The solicitor was in a different position. She knew more about the medical evidence. The judge found that she should have raised the possibility that the claimant might never get into employment.

The fact that the MIB were running a Part 6 defence (alleging knowledge of lack of insurance and therefore no liability to pay) was important. However that was something for the claimant to take into account upon advice as to the full value of the claim.

The judge found the barrister two-thirds liable and the solicitor one-third.


  • The claimant’s lawyers in the original personal injury trial were advising on damages on the morning of a trial on liability/indemnity without having all the medical evidence available.
  • There was an inadequate record of the advice given.
  • The claimant’s lawyers had failed to turn their mind to the essential issue of whether, in reality, the claimant would work again.
  • The claimant’s lawyers were negligent in advising that this was simply a “Smith –v- Manchester” case.


The essential point about claims for loss of income is to make proper and detailed investigations.

  • I recommend (unsurprisingly) the questionnaire on loss of earnings in my blog on loss of earnings claims
  • Equally unsurprising I also recommend you read the post on witness statements and loss of earnings.
  • As much information should be obtained as early as possible.  This deals with the possibility that a defendant may make an early Part 36 offer.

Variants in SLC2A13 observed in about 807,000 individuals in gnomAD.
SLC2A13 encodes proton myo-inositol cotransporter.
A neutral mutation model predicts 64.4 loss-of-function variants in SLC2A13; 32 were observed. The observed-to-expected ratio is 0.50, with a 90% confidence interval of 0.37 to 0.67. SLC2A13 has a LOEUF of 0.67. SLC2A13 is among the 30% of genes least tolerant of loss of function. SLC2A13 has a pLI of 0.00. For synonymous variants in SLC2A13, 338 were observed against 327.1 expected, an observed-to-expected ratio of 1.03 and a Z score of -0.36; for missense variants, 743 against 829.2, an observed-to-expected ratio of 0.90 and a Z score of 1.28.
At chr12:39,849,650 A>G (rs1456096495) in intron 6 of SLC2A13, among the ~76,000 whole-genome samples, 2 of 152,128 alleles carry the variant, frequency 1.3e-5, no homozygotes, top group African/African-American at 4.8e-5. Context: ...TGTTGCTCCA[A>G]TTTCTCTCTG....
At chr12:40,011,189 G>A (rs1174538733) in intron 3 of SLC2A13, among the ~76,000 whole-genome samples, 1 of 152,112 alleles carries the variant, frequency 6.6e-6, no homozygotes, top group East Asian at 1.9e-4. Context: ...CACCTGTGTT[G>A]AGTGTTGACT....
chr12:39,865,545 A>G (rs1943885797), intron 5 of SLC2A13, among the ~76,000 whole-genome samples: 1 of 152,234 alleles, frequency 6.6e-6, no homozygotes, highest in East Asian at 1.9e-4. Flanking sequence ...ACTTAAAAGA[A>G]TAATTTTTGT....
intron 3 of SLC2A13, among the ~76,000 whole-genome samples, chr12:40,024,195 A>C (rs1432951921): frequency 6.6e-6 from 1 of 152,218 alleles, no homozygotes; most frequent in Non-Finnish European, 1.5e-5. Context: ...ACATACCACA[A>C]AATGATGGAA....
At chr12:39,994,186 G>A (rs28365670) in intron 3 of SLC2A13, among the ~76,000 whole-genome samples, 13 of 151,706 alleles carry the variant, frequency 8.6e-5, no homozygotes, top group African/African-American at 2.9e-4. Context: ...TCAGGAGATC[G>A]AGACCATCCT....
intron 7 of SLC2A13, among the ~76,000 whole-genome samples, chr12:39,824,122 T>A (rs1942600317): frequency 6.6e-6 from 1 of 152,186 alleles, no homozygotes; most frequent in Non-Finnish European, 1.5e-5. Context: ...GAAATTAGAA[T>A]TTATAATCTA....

• Do not automatically defer to medical evidence on the issue of future employment/disability in the labour market. As the claimant for their views on how they will cope in the labour market.
  • Do not make assumptions that a claimant is in a “safe job”.  It is surprising how, on questioning, many people reveal periods of unemployment, redundancy risks and uncertainty as to their employment.
  • Be very aware of the value of “fringe benefits” and bonus payments, again another plug for a post on this very subject.


Once all the evidence is available it is possible, and indeed it may be necessary, to give a claimant robust advice.  However the dangers occur when advice is given without all the evidence available.

  • Never accept, at face value, a claimant’s figures as to their loss of earnings.  These should be checked against wage slips and tax returns. This is even more important if the claimant is self-employed (sometimes there can be under-estimates as well as over-estimates, or a failure to realise the difference between gross and net earnings).
  • If there is an indication that the claimant is capable of work ensure that they are made fully aware of the risks of not seeking work/re-training.   The burden in failing to mitigate loss lies with the defendant. However a claimant is who is adjudged capable of work, but has done nothing to find work, could have considerable difficulties at trial.

(The next post will look at other aspects of evidence and claims for loss of income/earnings).